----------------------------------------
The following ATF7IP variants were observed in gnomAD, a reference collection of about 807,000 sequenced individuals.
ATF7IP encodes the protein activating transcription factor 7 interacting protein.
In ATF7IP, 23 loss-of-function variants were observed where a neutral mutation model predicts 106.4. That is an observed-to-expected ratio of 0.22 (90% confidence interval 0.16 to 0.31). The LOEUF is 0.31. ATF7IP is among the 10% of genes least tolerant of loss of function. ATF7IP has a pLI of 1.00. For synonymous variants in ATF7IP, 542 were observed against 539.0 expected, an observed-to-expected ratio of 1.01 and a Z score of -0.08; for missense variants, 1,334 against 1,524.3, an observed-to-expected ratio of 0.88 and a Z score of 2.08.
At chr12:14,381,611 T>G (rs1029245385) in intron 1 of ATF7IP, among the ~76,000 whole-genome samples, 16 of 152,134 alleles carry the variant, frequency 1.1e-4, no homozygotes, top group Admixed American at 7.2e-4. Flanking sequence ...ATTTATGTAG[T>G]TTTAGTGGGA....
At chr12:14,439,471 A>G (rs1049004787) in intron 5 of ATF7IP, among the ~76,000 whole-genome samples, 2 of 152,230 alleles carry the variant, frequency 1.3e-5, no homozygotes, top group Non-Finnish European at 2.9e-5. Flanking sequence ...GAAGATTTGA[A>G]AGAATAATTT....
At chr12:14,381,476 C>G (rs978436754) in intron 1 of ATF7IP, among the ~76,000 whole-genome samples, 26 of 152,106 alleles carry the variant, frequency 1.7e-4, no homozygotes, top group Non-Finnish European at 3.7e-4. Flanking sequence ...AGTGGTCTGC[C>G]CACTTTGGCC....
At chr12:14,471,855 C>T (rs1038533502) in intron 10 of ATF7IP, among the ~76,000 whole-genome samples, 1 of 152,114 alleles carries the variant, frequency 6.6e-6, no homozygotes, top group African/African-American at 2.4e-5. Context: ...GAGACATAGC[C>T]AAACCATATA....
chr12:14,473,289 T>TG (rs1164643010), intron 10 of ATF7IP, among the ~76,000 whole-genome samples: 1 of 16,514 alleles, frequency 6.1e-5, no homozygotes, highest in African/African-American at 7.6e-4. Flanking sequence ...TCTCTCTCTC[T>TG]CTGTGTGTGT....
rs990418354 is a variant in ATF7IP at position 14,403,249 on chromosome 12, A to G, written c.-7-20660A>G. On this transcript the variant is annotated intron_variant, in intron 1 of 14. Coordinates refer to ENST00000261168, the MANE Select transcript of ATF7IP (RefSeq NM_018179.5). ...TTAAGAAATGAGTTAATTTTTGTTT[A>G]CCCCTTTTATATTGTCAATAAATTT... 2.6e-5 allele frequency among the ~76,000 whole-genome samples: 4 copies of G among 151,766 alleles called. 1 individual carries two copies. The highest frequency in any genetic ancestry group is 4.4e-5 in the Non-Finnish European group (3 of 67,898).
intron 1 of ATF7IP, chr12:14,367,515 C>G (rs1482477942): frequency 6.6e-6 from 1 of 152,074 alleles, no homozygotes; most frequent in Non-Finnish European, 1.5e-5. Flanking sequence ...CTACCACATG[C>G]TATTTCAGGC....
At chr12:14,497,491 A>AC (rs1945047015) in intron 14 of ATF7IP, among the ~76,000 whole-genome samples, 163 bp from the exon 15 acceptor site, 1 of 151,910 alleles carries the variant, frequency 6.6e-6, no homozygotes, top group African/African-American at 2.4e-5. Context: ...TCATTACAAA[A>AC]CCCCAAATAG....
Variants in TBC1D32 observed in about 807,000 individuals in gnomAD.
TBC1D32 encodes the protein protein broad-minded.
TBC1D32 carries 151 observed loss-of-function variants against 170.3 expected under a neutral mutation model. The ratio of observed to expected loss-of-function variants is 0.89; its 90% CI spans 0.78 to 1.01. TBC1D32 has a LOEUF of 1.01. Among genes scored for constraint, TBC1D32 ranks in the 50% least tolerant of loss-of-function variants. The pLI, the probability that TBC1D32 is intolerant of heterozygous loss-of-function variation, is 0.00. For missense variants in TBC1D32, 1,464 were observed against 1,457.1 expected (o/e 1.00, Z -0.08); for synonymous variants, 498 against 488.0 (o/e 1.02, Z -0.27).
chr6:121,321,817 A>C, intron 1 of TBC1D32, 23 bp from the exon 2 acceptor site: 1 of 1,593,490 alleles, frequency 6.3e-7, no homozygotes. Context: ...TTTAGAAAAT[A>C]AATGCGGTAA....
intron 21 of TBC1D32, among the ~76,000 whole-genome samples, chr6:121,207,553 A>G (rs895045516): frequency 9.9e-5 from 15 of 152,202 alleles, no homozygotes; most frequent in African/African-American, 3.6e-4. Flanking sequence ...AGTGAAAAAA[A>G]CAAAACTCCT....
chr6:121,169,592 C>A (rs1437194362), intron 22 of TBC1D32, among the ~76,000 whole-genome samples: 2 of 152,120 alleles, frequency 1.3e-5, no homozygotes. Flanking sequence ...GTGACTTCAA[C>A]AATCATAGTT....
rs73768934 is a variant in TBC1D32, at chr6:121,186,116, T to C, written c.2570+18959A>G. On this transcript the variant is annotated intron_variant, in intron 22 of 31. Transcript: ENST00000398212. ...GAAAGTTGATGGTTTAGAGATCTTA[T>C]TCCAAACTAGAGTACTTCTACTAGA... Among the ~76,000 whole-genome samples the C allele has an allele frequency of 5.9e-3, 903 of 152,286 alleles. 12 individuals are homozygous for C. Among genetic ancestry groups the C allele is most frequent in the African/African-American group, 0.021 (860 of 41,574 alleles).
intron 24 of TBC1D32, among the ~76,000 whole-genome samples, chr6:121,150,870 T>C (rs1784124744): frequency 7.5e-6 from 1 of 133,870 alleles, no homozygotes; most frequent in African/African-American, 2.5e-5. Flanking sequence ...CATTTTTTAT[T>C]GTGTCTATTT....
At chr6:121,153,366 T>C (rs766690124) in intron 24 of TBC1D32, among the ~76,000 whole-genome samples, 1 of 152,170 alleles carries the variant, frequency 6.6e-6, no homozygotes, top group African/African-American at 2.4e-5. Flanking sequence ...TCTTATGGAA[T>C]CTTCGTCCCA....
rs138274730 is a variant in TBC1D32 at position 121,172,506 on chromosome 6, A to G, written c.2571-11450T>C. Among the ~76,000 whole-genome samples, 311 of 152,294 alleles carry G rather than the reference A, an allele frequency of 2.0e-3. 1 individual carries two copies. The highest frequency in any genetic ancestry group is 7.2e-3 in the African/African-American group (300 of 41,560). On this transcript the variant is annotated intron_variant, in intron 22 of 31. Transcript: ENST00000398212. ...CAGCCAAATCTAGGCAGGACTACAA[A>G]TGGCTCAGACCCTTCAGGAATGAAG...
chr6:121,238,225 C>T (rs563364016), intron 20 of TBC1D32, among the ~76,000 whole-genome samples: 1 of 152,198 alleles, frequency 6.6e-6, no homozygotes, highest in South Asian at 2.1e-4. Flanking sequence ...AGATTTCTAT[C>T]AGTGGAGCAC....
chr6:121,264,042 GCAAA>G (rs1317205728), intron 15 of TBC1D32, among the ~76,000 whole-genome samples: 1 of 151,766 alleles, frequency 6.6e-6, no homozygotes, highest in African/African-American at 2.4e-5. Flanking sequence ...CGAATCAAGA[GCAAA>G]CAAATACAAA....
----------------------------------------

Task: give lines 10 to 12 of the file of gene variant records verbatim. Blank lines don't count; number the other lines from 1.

intron 1 of ATF7IP, chr12:14,367,515 C>G (rs1482477942): frequency 6.6e-6 from 1 of 152,074 alleles, no homozygotes; most frequent in Non-Finnish European, 1.5e-5. Flanking sequence ...CTACCACATG[C>G]TATTTCAGGC....
At chr12:14,497,491 A>AC (rs1945047015) in intron 14 of ATF7IP, among the ~76,000 whole-genome samples, 163 bp from the exon 15 acceptor site, 1 of 151,910 alleles carries the variant, frequency 6.6e-6, no homozygotes, top group African/African-American at 2.4e-5. Context: ...TCATTACAAA[A>AC]CCCCAAATAG....
Variants in TBC1D32 observed in about 807,000 individuals in gnomAD.